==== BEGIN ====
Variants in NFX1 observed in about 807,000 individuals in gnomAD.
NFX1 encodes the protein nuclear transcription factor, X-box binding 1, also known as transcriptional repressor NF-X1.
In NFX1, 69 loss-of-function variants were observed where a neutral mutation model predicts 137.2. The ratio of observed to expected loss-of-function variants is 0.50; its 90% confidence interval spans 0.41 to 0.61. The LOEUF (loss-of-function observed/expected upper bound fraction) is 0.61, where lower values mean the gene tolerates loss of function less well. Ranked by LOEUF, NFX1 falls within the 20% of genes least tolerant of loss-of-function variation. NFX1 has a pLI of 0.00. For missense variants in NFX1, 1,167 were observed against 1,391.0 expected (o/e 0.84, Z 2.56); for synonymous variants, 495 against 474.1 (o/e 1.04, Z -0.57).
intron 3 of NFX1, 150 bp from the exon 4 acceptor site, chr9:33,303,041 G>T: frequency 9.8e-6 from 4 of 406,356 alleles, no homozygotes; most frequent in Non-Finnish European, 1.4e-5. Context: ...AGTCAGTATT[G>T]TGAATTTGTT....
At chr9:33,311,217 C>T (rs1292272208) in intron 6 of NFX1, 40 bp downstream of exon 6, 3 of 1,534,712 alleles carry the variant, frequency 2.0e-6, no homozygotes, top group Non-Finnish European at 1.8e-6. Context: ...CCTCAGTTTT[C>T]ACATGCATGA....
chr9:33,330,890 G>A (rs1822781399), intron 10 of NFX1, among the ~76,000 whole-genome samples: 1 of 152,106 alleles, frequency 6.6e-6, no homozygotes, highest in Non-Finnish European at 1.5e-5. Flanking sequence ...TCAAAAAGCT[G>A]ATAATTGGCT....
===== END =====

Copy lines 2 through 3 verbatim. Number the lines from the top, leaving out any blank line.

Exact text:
NFX1 encodes the protein nuclear transcription factor, X-box binding 1, also known as transcriptional repressor NF-X1.
In NFX1, 69 loss-of-function variants were observed where a neutral mutation model predicts 137.2. The ratio of observed to expected loss-of-function variants is 0.50; its 90% confidence interval spans 0.41 to 0.61. The LOEUF (loss-of-function observed/expected upper bound fraction) is 0.61, where lower values mean the gene tolerates loss of function less well. Ranked by LOEUF, NFX1 falls within the 20% of genes least tolerant of loss-of-function variation. NFX1 has a pLI of 0.00. For missense variants in NFX1, 1,167 were observed against 1,391.0 expected (o/e 0.84, Z 2.56); for synonymous variants, 495 against 474.1 (o/e 1.04, Z -0.57).